Maryland District Court Denies DOJ’s Attempt To Halt Merger Based On Competition For A Single NSA Contract
Antitrust Litigation
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  • Maryland District Court Denies DOJ’s Attempt To Halt Merger Based On Competition For A Single NSA Contract

    On October 11, 2022, Judge Catherine C. Blake of the United States District Court for the District of Maryland denied the U.S. Department of Justice’s (“DOJ”) motion to preliminarily enjoin the $440 million acquisition of a company with expertise in specialized software development, cyber, and analytics by a larger consulting firm. Ruling that DOJ failed to show that the proposed transaction would cause anticompetitive harm in violation of federal antitrust laws, the Court was unwilling to grant the “extraordinary remedy” of blocking the merger and permitted the parties to close the transaction. United States v. Booz Allen Hamilton Inc. et al., No. 1:22-cv-01603 (D. Md. Oct. 11, 2022).

    Defendant Booz Allen Hamilton (“Booz Allen”) is a consulting firm with experts in analytics, digital solutions, engineering, and cyber that provides services on some of the most innovative programs for governments worldwide, including their most sensitive agencies. Defendant EverWatch is a company that specializes in providing defense, intelligence, and mission support technology and services to the U.S. Government. DOJ alleged that Defendants have been the primary competitors intending to bid to win a contract to build and supply operational modeling and simulation services for the National Security Agency (“NSA”). These modeling and simulation services are used by the NSA to analyze and employ intelligence information and data. In March 2022, Booz Allen signed an agreement to acquire EverWatch. Three months later, DOJ sued Defendants under Section 1 of the Sherman Act and Section 7 of the Clayton Act. Among other things, DOJ claimed that the acquisition agreement was a restraint of trade and reduced competition for the NSA contract. In July 2022, DOJ petitioned the Court for a preliminary injunction to prevent the proposed merger from moving forward under Section 1 of the Sherman Act.

    The Court’s opinion extensively analyzed the likelihood that DOJ’s claims would succeed on the merits. In assessing the Sherman Act Section 1 claim, the Court held that DOJ did not establish a likelihood that Defendants’ agreement unreasonably restrained trade under either a “quick look” or “rule of reason” theory. Under a “quick look” approach, an illegal agreement must pose an “intuitively obvious” restraint on trade—for example, an agreement that expressly limits output, fixes price, or bans competitive bidding. The Court reasoned that even if Defendants’ proposed acquisition “may harm one customer on a single contract,” that would not impose such extreme or obvious restraints.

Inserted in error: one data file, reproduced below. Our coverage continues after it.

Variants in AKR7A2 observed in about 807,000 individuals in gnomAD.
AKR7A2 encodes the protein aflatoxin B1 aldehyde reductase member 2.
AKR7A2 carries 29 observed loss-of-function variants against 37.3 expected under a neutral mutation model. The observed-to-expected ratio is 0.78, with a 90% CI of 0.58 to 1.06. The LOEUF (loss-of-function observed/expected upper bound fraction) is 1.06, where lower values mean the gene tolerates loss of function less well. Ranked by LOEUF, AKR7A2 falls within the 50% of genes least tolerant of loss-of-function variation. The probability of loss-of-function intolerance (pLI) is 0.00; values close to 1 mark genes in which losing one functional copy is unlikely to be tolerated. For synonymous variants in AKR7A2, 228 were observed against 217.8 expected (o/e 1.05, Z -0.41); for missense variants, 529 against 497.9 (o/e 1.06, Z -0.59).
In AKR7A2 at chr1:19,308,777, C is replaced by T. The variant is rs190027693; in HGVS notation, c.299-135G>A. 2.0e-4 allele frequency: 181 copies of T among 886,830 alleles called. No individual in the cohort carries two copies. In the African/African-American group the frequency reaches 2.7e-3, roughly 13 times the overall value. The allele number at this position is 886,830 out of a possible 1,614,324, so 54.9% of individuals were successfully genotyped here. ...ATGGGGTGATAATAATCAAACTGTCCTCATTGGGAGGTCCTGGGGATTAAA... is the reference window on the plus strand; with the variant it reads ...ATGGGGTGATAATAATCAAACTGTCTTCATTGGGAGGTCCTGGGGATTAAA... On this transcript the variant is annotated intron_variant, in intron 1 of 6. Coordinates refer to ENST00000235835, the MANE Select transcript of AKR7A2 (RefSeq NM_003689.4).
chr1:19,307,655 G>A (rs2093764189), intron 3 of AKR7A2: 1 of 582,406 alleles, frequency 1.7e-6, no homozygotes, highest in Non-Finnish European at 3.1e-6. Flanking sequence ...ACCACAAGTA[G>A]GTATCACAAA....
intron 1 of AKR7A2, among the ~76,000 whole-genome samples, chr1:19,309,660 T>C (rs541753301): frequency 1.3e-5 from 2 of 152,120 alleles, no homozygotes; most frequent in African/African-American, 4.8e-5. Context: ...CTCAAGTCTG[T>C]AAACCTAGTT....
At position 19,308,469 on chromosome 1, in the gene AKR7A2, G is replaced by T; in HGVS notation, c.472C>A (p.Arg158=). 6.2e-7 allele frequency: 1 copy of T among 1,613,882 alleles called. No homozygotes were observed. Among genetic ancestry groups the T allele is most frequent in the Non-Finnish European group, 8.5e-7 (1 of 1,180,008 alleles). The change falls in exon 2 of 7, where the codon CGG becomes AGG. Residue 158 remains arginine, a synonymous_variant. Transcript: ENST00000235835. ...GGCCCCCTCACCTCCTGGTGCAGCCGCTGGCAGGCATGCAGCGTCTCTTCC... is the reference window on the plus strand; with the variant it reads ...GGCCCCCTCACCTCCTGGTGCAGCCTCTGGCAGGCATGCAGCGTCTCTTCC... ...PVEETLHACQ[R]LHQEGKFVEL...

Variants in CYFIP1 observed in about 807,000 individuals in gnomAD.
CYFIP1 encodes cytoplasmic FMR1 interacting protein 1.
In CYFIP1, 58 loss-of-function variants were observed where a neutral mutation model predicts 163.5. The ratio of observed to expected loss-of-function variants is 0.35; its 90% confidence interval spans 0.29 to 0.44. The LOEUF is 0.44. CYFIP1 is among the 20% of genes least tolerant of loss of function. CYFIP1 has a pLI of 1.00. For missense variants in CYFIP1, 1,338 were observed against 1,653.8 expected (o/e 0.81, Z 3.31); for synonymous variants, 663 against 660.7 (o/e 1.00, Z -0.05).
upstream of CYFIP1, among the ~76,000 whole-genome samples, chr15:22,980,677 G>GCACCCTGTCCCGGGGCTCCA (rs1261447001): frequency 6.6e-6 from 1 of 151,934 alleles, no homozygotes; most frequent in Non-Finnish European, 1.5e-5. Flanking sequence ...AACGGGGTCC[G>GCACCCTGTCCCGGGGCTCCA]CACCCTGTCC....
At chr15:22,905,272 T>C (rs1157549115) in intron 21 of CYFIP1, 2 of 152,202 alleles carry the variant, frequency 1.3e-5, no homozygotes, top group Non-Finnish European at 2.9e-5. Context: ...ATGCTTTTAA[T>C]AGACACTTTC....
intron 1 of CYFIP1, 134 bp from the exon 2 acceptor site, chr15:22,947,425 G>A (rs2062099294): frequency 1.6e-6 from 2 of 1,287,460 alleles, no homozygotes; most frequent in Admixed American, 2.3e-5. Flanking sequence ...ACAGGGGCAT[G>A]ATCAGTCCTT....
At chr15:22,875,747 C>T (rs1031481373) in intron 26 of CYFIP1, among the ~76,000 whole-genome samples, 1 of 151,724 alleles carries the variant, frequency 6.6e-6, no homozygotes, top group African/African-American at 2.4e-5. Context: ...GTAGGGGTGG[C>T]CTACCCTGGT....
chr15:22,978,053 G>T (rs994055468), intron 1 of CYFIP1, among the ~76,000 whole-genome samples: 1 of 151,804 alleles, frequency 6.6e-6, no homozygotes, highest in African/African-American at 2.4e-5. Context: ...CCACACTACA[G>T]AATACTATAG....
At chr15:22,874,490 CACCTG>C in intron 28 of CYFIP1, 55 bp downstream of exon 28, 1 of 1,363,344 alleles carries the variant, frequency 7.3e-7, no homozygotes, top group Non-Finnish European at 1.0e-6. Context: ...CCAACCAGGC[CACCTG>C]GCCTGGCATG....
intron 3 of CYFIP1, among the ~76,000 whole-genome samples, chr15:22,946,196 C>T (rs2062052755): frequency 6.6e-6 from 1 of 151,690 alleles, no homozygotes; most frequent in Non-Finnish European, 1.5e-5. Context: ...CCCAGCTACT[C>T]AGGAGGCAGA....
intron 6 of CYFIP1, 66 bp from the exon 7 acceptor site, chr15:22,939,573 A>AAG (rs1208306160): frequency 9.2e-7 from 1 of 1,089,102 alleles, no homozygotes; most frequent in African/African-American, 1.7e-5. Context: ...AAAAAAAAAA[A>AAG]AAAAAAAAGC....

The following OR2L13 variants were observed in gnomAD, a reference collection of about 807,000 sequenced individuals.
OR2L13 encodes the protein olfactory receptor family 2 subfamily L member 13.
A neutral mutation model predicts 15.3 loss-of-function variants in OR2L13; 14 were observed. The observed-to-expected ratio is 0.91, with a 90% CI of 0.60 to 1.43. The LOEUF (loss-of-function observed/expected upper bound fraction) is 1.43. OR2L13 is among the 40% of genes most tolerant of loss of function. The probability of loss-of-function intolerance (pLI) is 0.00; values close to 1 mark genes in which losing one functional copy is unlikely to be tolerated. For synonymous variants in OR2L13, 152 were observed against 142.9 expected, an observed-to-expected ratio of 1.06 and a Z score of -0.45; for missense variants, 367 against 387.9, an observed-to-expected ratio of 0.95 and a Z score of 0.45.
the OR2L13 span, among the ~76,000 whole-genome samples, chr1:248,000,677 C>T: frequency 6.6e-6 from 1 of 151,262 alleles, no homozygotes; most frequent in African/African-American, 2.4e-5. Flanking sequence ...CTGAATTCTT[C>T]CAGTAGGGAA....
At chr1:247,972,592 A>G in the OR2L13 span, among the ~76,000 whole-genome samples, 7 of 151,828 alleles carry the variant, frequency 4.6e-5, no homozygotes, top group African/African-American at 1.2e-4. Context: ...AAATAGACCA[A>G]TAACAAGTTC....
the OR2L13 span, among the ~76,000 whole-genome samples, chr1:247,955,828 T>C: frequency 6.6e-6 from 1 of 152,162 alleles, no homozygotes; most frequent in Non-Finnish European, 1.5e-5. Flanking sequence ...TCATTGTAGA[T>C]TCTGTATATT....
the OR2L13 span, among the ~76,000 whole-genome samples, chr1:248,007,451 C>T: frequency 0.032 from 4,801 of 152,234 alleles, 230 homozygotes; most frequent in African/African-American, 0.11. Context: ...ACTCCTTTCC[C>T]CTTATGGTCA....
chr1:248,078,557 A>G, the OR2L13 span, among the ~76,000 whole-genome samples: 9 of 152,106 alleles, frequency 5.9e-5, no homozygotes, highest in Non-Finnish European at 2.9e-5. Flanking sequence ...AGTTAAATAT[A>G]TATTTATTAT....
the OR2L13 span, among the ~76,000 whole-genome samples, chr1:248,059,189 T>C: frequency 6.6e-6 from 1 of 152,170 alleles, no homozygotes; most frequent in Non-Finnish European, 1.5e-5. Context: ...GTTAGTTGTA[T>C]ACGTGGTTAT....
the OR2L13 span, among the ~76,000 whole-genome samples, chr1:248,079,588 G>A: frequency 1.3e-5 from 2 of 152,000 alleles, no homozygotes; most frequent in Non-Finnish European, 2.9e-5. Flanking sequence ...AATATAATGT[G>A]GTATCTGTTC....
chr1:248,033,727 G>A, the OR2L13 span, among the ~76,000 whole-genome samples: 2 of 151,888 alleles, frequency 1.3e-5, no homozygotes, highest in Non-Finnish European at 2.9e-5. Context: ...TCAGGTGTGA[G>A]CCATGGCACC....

Turning to its “rule of reason” analysis, the Court found that the DOJ did not meet its “initial burden to prove that the challenged restraint has a substantial anticompetitive effect.” First, DOJ failed to show direct evidence showing that the proposed merger had actual detrimental effects on competition. While DOJ cited informal statements made by Defendants’ lower-level employees on the day of the merger announcement, the Court found these remarks were merely “contemporaneous statements reflect[ing] the individual perception of specific employees, not broad corporate strategy.” The Court noted that other evidence suggested that higher-level executives instructed employees to continue “full steam ahead” with the competition to win the NSA contract. The Court also found that DOJ failed to show anticompetitive harm through indirect evidence. The Court rejected the argument that Defendants’ transaction would necessarily incentivize them to provide higher cost or lower quality services, finding that such a view suffered from “tunnel vision.” The Court instead emphasized the strong incentives to maintain a competitive bid, such as Defendants’ long term financial interests, reputation in the industry, the desire to win other contracts, and NSA control over contractor fees.

    Finally, the Court found that DOJ did not properly define an economic market—a “necessary predicate” to assessing a merger’s “ability to lessen or destroy competition.” By asserting that the relevant market is the market for “signals intelligence modeling and simulation,” DOJ proposed a market defined by the specific preferences of the NSA in relation to a single contract for a particular product. The Court found that this definition was artificially narrow given the nature of modeling and simulation services along with the existence of other industry contractors that could provide reasonably interchangeable services.

    Because DOJ failed to show competitive harm, it was also unable to prove that actual and imminent irreparable harm was likely without preliminary relief, or that the balance of equities and consideration of the public interest supported an injunction. Accordingly, the Court denied DOJ’s motion and the Court permitted “defendants the ability to merge on their own terms, if they so choose.” The Court did decline to enter a final judgment in Defendants’ favor and ordered the parties to meet and confer and submit proposals for further proceedings.

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